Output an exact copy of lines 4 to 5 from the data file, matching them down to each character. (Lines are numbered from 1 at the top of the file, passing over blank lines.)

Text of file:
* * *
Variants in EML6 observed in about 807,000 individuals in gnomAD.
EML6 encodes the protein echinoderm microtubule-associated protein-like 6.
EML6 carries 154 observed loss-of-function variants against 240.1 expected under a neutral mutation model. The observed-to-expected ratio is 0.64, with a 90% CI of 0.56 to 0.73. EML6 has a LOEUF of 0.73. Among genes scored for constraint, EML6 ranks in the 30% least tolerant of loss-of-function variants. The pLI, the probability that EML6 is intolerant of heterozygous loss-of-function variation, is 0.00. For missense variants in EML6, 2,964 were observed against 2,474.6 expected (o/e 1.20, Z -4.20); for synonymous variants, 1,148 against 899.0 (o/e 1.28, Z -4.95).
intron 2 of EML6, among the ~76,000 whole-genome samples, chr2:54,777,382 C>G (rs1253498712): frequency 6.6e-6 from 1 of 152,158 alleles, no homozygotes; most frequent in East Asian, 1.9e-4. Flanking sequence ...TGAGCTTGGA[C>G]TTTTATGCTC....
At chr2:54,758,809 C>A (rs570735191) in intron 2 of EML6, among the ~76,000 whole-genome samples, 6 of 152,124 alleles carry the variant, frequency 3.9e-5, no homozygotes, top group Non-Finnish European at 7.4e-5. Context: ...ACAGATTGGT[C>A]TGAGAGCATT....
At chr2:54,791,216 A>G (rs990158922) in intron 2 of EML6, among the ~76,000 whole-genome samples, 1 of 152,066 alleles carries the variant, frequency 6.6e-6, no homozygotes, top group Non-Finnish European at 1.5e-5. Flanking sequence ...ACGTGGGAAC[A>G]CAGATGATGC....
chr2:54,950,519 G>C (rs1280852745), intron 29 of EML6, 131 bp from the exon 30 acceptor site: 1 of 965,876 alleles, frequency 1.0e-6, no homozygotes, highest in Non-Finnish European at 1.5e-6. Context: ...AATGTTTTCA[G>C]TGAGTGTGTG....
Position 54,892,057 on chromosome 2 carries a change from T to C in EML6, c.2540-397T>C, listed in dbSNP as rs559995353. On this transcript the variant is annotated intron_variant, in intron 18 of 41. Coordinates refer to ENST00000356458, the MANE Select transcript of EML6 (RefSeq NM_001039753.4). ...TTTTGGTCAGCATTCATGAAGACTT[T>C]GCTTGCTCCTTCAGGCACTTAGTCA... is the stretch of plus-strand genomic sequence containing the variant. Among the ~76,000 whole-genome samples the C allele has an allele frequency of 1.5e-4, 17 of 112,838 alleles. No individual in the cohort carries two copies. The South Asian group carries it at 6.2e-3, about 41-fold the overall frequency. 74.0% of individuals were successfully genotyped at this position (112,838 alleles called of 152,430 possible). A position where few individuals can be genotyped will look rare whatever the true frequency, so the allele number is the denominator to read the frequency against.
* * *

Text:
intron 2 of EML6, among the ~76,000 whole-genome samples, chr2:54,777,382 C>G (rs1253498712): frequency 6.6e-6 from 1 of 152,158 alleles, no homozygotes; most frequent in East Asian, 1.9e-4. Flanking sequence ...TGAGCTTGGA[C>G]TTTTATGCTC....
At chr2:54,758,809 C>A (rs570735191) in intron 2 of EML6, among the ~76,000 whole-genome samples, 6 of 152,124 alleles carry the variant, frequency 3.9e-5, no homozygotes, top group Non-Finnish European at 7.4e-5. Context: ...ACAGATTGGT[C>A]TGAGAGCATT....